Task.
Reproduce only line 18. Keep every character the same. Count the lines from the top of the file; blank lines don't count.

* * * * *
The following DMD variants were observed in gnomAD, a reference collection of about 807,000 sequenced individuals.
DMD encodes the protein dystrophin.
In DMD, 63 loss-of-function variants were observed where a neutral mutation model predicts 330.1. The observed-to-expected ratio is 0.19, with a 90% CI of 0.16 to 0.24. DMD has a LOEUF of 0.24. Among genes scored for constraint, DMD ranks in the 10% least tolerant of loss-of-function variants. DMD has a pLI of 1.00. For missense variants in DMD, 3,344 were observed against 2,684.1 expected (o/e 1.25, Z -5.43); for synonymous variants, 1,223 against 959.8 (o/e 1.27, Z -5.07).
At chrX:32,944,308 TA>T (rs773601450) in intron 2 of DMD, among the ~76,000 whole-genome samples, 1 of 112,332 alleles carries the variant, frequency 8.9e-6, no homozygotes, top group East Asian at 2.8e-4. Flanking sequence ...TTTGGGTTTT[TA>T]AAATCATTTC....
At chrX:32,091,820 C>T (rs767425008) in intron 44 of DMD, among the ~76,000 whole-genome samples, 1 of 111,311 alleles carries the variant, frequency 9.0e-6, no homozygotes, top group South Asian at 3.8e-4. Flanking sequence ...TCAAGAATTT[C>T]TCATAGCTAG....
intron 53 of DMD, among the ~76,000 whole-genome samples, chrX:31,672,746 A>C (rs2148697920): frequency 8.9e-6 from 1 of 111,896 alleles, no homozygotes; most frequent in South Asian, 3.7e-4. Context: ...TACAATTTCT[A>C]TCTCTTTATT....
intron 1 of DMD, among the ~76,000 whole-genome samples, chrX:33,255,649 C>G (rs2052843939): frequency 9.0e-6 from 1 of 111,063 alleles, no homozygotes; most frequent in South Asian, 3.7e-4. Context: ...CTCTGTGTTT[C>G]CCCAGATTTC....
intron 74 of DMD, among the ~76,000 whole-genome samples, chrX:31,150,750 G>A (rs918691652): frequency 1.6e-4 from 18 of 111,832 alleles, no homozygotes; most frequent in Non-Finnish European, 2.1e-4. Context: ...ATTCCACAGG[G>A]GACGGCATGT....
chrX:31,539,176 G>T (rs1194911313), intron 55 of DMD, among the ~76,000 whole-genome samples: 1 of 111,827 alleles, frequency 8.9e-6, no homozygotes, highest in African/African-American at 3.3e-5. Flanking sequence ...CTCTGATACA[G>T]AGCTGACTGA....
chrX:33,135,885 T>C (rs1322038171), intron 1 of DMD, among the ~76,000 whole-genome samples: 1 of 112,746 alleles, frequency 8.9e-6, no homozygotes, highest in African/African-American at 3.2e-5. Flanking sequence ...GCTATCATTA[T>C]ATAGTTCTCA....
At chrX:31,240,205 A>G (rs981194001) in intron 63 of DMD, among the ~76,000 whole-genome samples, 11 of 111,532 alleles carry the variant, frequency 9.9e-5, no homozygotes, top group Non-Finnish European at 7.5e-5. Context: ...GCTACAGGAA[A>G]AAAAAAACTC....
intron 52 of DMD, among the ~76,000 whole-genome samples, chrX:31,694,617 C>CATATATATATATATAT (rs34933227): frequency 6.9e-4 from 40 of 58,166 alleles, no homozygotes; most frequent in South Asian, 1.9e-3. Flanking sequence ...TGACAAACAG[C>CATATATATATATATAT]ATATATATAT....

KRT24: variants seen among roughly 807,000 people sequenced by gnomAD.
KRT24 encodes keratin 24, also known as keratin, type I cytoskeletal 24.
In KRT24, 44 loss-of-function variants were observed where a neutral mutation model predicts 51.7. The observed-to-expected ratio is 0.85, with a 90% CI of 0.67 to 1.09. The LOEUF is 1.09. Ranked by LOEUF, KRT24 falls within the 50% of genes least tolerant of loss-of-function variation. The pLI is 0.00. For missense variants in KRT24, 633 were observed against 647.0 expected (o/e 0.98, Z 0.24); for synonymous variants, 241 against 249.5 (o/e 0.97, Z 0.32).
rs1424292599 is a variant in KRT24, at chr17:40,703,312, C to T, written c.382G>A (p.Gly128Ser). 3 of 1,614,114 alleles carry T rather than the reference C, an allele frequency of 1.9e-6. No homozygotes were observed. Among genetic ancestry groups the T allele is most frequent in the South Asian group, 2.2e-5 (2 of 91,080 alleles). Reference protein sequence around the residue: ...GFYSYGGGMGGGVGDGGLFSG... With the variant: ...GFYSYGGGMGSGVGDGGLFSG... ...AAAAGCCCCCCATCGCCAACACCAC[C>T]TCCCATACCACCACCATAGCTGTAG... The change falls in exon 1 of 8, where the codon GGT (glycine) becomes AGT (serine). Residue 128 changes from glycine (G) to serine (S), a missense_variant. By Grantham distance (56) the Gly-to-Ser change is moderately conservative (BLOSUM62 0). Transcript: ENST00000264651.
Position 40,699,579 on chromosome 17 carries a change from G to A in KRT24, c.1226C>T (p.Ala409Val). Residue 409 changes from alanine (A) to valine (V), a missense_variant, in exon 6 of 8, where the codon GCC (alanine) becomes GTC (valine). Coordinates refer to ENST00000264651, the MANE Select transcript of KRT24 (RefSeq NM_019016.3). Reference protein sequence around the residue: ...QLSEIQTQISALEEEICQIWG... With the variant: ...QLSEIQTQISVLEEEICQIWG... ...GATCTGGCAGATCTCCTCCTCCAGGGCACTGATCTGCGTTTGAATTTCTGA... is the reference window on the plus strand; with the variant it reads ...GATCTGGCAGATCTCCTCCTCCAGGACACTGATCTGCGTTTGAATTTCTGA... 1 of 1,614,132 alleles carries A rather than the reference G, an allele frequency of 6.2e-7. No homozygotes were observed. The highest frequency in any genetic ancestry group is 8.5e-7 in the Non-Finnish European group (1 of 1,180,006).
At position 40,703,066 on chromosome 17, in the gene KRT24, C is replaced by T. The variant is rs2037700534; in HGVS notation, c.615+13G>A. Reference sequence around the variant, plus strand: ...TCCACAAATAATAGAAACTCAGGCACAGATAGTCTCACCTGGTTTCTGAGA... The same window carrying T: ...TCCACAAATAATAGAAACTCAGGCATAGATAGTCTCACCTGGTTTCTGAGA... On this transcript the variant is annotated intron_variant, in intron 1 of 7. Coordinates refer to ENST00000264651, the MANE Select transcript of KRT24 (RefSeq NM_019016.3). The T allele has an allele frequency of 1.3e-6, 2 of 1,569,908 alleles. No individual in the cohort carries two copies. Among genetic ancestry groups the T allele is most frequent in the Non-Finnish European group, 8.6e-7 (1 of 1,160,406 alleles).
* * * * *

At position 40,703,066 on chromosome 17, in the gene KRT24, C is replaced by T. The variant is rs2037700534; in HGVS notation, c.615+13G>A. Reference sequence around the variant, plus strand: ...TCCACAAATAATAGAAACTCAGGCACAGATAGTCTCACCTGGTTTCTGAGA... The same window carrying T: ...TCCACAAATAATAGAAACTCAGGCATAGATAGTCTCACCTGGTTTCTGAGA... On this transcript the variant is annotated intron_variant, in intron 1 of 7. Coordinates refer to ENST00000264651, the MANE Select transcript of KRT24 (RefSeq NM_019016.3). The T allele has an allele frequency of 1.3e-6, 2 of 1,569,908 alleles. No individual in the cohort carries two copies. Among genetic ancestry groups the T allele is most frequent in the Non-Finnish European group, 8.6e-7 (1 of 1,160,406 alleles).